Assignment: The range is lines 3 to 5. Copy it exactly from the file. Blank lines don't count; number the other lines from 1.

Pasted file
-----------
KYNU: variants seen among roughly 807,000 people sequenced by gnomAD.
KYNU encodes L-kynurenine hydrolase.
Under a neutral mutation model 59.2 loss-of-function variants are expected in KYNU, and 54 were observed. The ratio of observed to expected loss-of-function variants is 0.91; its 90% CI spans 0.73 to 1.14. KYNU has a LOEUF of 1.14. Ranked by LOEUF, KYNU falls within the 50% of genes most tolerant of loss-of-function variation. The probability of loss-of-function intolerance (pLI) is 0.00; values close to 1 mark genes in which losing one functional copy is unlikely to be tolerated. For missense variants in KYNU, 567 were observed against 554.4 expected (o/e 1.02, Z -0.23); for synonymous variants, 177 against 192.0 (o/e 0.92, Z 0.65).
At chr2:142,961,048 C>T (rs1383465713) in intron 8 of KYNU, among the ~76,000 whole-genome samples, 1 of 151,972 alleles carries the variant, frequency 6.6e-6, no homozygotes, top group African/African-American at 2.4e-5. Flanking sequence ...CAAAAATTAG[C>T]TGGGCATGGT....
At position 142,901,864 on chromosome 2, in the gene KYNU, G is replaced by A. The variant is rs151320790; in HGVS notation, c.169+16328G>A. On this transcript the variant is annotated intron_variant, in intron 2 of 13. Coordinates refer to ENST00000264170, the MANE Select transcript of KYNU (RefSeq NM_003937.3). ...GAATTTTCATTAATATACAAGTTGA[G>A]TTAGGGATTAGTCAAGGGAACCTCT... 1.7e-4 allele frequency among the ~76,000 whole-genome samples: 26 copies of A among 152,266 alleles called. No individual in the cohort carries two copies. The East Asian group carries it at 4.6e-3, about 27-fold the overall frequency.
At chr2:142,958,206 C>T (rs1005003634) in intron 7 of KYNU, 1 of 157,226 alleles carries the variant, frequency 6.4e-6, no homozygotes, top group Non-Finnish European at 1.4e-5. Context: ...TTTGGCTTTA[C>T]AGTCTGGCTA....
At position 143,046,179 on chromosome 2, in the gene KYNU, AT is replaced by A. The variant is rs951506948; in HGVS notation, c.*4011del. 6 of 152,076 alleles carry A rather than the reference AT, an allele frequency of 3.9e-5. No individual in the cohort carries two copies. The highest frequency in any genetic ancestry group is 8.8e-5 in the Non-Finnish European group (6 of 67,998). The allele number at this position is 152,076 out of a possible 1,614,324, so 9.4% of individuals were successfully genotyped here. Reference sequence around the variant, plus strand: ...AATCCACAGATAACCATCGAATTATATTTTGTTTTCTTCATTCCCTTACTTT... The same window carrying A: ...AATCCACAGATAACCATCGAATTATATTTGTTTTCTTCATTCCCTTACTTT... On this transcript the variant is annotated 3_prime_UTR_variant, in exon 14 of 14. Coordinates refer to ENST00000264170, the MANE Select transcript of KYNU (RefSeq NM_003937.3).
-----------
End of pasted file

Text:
Under a neutral mutation model 59.2 loss-of-function variants are expected in KYNU, and 54 were observed. The ratio of observed to expected loss-of-function variants is 0.91; its 90% CI spans 0.73 to 1.14. KYNU has a LOEUF of 1.14. Ranked by LOEUF, KYNU falls within the 50% of genes most tolerant of loss-of-function variation. The probability of loss-of-function intolerance (pLI) is 0.00; values close to 1 mark genes in which losing one functional copy is unlikely to be tolerated. For missense variants in KYNU, 567 were observed against 554.4 expected (o/e 1.02, Z -0.23); for synonymous variants, 177 against 192.0 (o/e 0.92, Z 0.65).
At chr2:142,961,048 C>T (rs1383465713) in intron 8 of KYNU, among the ~76,000 whole-genome samples, 1 of 151,972 alleles carries the variant, frequency 6.6e-6, no homozygotes, top group African/African-American at 2.4e-5. Flanking sequence ...CAAAAATTAG[C>T]TGGGCATGGT....
At position 142,901,864 on chromosome 2, in the gene KYNU, G is replaced by A. The variant is rs151320790; in HGVS notation, c.169+16328G>A. On this transcript the variant is annotated intron_variant, in intron 2 of 13. Coordinates refer to ENST00000264170, the MANE Select transcript of KYNU (RefSeq NM_003937.3). ...GAATTTTCATTAATATACAAGTTGA[G>A]TTAGGGATTAGTCAAGGGAACCTCT... 1.7e-4 allele frequency among the ~76,000 whole-genome samples: 26 copies of A among 152,266 alleles called. No individual in the cohort carries two copies. The East Asian group carries it at 4.6e-3, about 27-fold the overall frequency.